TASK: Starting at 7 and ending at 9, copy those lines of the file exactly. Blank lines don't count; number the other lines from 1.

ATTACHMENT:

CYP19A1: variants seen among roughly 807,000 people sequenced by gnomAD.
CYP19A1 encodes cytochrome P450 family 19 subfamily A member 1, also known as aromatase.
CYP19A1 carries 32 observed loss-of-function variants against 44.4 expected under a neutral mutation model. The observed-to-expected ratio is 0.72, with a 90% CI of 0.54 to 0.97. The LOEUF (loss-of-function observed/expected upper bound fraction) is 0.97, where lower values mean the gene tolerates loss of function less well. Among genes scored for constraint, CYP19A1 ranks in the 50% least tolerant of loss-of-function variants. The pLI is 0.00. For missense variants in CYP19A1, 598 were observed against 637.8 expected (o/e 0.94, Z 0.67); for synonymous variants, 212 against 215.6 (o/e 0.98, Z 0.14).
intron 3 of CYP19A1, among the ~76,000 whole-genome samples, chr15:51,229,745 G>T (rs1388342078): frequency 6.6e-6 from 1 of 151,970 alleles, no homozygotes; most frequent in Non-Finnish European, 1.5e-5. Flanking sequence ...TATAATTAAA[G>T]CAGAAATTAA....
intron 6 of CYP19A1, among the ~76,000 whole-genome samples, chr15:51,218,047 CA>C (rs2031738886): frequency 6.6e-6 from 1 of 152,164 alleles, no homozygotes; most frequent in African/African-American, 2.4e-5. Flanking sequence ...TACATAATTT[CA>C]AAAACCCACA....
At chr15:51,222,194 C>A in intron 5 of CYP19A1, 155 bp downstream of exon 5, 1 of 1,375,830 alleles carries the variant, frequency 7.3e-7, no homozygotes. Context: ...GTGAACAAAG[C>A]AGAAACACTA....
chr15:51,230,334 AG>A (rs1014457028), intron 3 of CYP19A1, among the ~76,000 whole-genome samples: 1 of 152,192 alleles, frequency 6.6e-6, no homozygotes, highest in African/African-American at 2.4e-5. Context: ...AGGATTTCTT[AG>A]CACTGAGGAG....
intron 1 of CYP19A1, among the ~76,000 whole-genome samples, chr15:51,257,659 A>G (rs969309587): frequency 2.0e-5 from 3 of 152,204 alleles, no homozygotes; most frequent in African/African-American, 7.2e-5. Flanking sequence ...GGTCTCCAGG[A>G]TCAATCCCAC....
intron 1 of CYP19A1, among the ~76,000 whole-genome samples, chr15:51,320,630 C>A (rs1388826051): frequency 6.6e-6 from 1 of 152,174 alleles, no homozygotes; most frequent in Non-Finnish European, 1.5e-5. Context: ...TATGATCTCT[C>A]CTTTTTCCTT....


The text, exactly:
chr15:51,230,334 AG>A (rs1014457028), intron 3 of CYP19A1, among the ~76,000 whole-genome samples: 1 of 152,192 alleles, frequency 6.6e-6, no homozygotes, highest in African/African-American at 2.4e-5. Context: ...AGGATTTCTT[AG>A]CACTGAGGAG....
intron 1 of CYP19A1, among the ~76,000 whole-genome samples, chr15:51,257,659 A>G (rs969309587): frequency 2.0e-5 from 3 of 152,204 alleles, no homozygotes; most frequent in African/African-American, 7.2e-5. Flanking sequence ...GGTCTCCAGG[A>G]TCAATCCCAC....
intron 1 of CYP19A1, among the ~76,000 whole-genome samples, chr15:51,320,630 C>A (rs1388826051): frequency 6.6e-6 from 1 of 152,174 alleles, no homozygotes; most frequent in Non-Finnish European, 1.5e-5. Context: ...TATGATCTCT[C>A]CTTTTTCCTT....